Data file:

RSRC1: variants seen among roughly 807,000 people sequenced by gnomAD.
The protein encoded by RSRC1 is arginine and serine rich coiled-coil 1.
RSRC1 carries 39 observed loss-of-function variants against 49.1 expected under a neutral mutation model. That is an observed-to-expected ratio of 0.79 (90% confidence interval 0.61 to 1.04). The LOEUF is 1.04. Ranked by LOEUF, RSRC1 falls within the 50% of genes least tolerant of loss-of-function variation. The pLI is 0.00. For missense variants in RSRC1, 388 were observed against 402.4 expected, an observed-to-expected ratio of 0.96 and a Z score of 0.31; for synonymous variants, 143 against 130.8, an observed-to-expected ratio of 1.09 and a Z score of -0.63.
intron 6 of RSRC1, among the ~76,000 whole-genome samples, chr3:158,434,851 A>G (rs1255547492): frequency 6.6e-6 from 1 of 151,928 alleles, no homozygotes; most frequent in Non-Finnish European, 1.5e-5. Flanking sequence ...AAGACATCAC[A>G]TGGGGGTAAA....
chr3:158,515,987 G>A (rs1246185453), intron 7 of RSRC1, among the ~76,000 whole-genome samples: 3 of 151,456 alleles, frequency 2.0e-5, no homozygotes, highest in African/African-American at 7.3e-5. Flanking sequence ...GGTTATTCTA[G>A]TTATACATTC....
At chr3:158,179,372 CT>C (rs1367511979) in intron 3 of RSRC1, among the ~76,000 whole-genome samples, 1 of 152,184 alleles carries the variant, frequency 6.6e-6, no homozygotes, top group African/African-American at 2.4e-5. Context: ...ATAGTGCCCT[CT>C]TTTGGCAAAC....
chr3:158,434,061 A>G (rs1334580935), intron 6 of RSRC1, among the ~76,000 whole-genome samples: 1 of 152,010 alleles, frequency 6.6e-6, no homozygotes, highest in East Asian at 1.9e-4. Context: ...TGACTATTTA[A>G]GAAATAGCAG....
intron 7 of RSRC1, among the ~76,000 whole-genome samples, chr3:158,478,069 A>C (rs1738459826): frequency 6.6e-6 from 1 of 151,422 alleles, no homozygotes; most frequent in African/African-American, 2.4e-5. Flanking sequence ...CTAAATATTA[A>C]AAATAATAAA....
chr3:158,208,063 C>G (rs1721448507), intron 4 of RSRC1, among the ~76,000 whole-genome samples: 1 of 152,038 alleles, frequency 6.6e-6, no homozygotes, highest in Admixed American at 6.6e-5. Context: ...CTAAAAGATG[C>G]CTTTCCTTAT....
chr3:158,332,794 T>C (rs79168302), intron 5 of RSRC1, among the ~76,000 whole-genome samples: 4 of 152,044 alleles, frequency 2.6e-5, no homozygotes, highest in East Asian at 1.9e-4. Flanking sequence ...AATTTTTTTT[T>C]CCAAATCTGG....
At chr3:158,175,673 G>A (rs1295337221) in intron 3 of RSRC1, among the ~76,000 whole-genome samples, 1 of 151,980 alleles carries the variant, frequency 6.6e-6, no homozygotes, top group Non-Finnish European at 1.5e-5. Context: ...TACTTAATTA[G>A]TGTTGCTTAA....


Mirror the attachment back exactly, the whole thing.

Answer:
RSRC1: variants seen among roughly 807,000 people sequenced by gnomAD.
The protein encoded by RSRC1 is arginine and serine rich coiled-coil 1.
RSRC1 carries 39 observed loss-of-function variants against 49.1 expected under a neutral mutation model. That is an observed-to-expected ratio of 0.79 (90% confidence interval 0.61 to 1.04). The LOEUF is 1.04. Ranked by LOEUF, RSRC1 falls within the 50% of genes least tolerant of loss-of-function variation. The pLI is 0.00. For missense variants in RSRC1, 388 were observed against 402.4 expected, an observed-to-expected ratio of 0.96 and a Z score of 0.31; for synonymous variants, 143 against 130.8, an observed-to-expected ratio of 1.09 and a Z score of -0.63.
intron 6 of RSRC1, among the ~76,000 whole-genome samples, chr3:158,434,851 A>G (rs1255547492): frequency 6.6e-6 from 1 of 151,928 alleles, no homozygotes; most frequent in Non-Finnish European, 1.5e-5. Flanking sequence ...AAGACATCAC[A>G]TGGGGGTAAA....
chr3:158,515,987 G>A (rs1246185453), intron 7 of RSRC1, among the ~76,000 whole-genome samples: 3 of 151,456 alleles, frequency 2.0e-5, no homozygotes, highest in African/African-American at 7.3e-5. Flanking sequence ...GGTTATTCTA[G>A]TTATACATTC....
At chr3:158,179,372 CT>C (rs1367511979) in intron 3 of RSRC1, among the ~76,000 whole-genome samples, 1 of 152,184 alleles carries the variant, frequency 6.6e-6, no homozygotes, top group African/African-American at 2.4e-5. Context: ...ATAGTGCCCT[CT>C]TTTGGCAAAC....
chr3:158,434,061 A>G (rs1334580935), intron 6 of RSRC1, among the ~76,000 whole-genome samples: 1 of 152,010 alleles, frequency 6.6e-6, no homozygotes, highest in East Asian at 1.9e-4. Context: ...TGACTATTTA[A>G]GAAATAGCAG....
intron 7 of RSRC1, among the ~76,000 whole-genome samples, chr3:158,478,069 A>C (rs1738459826): frequency 6.6e-6 from 1 of 151,422 alleles, no homozygotes; most frequent in African/African-American, 2.4e-5. Flanking sequence ...CTAAATATTA[A>C]AAATAATAAA....
chr3:158,208,063 C>G (rs1721448507), intron 4 of RSRC1, among the ~76,000 whole-genome samples: 1 of 152,038 alleles, frequency 6.6e-6, no homozygotes, highest in Admixed American at 6.6e-5. Context: ...CTAAAAGATG[C>G]CTTTCCTTAT....
chr3:158,332,794 T>C (rs79168302), intron 5 of RSRC1, among the ~76,000 whole-genome samples: 4 of 152,044 alleles, frequency 2.6e-5, no homozygotes, highest in East Asian at 1.9e-4. Flanking sequence ...AATTTTTTTT[T>C]CCAAATCTGG....
At chr3:158,175,673 G>A (rs1295337221) in intron 3 of RSRC1, among the ~76,000 whole-genome samples, 1 of 151,980 alleles carries the variant, frequency 6.6e-6, no homozygotes, top group Non-Finnish European at 1.5e-5. Context: ...TACTTAATTA[G>A]TGTTGCTTAA....